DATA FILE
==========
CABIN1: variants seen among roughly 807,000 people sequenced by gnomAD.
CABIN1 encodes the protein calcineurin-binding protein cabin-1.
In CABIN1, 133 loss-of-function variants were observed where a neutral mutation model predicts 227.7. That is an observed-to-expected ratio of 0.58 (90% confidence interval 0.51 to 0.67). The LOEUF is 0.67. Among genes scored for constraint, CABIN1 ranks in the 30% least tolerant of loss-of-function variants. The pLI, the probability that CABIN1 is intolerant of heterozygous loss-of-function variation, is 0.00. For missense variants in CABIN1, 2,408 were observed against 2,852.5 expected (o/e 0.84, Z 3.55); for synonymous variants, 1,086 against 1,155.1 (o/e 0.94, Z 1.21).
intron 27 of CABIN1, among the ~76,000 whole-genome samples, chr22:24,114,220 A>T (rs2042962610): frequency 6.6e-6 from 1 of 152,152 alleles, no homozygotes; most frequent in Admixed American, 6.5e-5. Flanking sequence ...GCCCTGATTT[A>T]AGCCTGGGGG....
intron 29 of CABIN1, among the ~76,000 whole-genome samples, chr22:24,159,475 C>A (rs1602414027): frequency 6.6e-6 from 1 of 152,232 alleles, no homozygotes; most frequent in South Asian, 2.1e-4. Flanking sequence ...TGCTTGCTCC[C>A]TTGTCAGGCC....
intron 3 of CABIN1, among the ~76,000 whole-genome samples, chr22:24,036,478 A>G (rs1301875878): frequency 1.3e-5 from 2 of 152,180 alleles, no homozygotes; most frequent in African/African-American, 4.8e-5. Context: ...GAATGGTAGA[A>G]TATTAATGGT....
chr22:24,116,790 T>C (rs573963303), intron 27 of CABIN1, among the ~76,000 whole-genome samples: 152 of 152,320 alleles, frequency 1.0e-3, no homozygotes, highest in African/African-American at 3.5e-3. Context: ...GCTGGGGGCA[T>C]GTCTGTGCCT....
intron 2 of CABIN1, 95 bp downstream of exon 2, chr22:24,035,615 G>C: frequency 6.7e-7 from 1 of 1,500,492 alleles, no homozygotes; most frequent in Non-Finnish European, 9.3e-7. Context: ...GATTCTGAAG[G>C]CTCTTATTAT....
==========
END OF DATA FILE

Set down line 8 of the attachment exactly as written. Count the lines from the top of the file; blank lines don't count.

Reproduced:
intron 2 of CABIN1, 95 bp downstream of exon 2, chr22:24,035,615 G>C: frequency 6.7e-7 from 1 of 1,500,492 alleles, no homozygotes; most frequent in Non-Finnish European, 9.3e-7. Context: ...GATTCTGAAG[G>C]CTCTTATTAT....